In this Feb. 9, 2021, file photo, Cianbro employees guide the top of the first pole of the Central Maine Power corridor project onto its base in West Forks. Credit: Linda Coan O'Kresik / BDN

Good morning from Augusta. It is Patriot’s Day in Maine. (Yes, it is singular here but not in Massachusetts and Wisconsin, the only other two states where this holiday is celebrated.)

QUOTE OF THE DAY: “This is a great opportunity. This is a dream come true,” said University of Maine basketball star Blanca Millan, who signed a free agent contract with the WNBA’s Washington Mystics on Sunday. “I can’t wait to meet everyone and start working.” Here’s your soundtrack.

What we’re watching today

The Legislature will consider a second consumer-owned utility push under threat of referendum. Lawmakers including top Central Maine Power critics Rep. Seth Berry, D-Bowdoinham, and Sen. Rick Bennett, R-Oxford, will hold a news conference on Monday to unveil a second bill to establish a consumer-owned utility that would be formed after the new entity acquired the infrastructure now owned by Central Maine Power and Versant Power, the investor-owned utilities that provide the vast majority of electricity in Maine.

It comes after a long public-relations battle between CMP and its critics. The utility has ranked last in the nation among counterparts in other states in a national survey and there were more than two years of regulatory proceedings after billing and customer service issues that escalated after an October 2017 windstorm and led to a record $10 million earnings penalty.

A study conducted by the Maine Public Utilities Commission said Mainers would pay higher rates at first under such a plan, but that they would go down over time. Berry and others pushing the measure criticized some of the findings of that study, which was done by a firm that should have been ineligible under the state’s conflict rules. They point to other consumer-owned utilities that offer relatively low rates, while CMP and Versant have said lawmakers are underestimating the time, cost and expertise needed to run an efficient system.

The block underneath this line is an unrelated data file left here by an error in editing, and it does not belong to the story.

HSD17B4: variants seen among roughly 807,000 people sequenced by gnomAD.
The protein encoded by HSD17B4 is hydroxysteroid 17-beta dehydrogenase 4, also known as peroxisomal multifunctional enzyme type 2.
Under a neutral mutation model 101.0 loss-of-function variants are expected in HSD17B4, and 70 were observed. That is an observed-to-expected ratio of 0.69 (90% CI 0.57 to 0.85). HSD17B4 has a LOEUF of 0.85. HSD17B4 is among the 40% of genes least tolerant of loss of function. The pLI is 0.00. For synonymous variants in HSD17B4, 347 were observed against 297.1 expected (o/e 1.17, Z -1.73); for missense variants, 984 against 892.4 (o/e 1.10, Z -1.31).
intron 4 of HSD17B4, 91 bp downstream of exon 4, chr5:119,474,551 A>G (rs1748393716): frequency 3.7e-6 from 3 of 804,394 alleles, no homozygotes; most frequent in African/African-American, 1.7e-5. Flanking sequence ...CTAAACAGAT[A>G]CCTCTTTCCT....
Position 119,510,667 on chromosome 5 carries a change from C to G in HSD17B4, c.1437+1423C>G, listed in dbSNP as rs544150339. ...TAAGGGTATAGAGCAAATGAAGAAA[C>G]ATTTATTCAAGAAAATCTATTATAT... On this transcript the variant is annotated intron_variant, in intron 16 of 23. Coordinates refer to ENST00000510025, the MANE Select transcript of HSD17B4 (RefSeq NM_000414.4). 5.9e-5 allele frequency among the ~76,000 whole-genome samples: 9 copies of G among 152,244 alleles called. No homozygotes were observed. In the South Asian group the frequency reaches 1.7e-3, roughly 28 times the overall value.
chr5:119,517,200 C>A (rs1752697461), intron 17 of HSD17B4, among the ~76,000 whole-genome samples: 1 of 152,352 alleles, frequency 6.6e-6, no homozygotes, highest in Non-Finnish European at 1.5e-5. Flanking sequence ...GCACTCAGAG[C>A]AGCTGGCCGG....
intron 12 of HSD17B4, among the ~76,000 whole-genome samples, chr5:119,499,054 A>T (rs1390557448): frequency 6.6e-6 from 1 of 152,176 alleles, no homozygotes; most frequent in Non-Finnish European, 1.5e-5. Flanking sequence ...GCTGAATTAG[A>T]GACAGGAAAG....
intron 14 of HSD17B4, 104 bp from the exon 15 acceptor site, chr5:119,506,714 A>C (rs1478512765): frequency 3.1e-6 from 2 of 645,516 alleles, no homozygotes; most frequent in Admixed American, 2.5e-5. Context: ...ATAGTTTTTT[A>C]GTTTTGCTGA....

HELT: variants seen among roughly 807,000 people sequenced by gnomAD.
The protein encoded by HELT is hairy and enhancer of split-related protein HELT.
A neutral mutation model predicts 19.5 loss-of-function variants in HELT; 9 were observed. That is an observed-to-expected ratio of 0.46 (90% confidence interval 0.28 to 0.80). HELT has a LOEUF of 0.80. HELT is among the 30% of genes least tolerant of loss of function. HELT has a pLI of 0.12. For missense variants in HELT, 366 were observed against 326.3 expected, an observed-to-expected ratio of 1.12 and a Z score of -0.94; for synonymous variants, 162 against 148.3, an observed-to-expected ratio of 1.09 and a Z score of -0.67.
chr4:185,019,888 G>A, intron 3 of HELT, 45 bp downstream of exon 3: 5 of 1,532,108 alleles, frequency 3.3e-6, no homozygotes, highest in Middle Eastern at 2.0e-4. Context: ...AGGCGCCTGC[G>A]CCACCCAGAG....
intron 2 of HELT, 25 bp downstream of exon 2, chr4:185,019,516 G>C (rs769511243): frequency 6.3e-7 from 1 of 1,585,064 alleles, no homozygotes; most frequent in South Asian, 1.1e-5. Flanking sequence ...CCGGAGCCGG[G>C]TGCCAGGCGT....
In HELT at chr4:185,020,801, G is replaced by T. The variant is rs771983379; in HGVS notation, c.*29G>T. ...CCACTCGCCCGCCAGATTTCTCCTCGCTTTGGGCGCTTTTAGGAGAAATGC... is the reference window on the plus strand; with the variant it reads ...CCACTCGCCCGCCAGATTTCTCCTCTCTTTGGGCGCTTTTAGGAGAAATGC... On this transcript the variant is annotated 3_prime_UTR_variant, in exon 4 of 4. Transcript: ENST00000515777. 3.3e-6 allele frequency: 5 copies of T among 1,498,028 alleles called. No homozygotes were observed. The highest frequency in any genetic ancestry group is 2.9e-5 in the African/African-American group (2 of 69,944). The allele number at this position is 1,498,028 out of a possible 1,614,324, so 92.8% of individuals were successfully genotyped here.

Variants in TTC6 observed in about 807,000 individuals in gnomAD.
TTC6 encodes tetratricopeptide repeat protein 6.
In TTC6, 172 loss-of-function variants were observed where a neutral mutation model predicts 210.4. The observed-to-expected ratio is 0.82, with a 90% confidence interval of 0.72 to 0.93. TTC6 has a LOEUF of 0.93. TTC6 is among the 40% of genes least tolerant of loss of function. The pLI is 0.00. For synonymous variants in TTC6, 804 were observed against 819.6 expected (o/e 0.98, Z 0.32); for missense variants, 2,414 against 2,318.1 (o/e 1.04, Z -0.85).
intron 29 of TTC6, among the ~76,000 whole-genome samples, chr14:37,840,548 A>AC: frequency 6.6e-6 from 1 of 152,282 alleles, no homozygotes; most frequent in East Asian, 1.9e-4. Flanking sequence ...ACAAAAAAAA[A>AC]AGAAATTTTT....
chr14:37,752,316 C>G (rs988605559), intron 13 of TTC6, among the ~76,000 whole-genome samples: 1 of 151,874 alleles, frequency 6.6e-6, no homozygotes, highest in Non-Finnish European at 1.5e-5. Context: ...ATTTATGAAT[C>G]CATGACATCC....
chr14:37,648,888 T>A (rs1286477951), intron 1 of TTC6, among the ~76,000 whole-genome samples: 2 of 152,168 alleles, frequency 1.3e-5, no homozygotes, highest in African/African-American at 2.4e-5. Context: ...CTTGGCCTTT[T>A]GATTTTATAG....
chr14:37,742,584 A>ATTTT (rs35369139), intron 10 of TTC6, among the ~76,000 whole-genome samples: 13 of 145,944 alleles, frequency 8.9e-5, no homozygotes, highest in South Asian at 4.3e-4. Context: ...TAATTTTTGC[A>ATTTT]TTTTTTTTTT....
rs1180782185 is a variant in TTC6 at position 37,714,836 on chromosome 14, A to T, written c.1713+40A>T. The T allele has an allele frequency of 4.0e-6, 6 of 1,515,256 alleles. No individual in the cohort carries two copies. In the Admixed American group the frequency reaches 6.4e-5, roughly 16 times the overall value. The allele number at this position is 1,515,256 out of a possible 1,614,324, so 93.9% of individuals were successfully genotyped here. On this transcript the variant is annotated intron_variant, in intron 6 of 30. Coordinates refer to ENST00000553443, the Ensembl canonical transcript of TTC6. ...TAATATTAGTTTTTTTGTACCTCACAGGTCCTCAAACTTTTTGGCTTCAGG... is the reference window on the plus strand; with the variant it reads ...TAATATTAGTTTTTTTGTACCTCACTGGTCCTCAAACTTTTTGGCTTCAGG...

The text of the bill has not been released yet, but Berry and others pushing it say it is different than a previous bid that officially died in 2020. What is already different is that Berry has a group called “Our Power” running an external effort to push the measure. On its website, it says if the Legislature does not pass a consumer-owned utility, the group will take it to a referendum.

The ballot box would likely be less friendly to CMP than the Legislature, but efforts to hamper the utility are gaining steam in the State House. After CMP and its allies persuaded Maine’s high court to strike a referendum challenging its $1 billion corridor project from the 2020 ballot, opponents of the project are back with a second one scheduled for November. Legal challenges to that and any consumer-owned utility law are likely if they pass.

Gov. Janet Mills has helped that project survive legislative challenges so far, but this iteration of the Legislature is more anti-corridor than the last. On Friday, a legislative panel approved a bill preventing companies partially owned by a foreign government from spending to influence ballot measures aimed at Hydro-Quebec, CMP’s partner in the corridor project.

The Maine politics top 3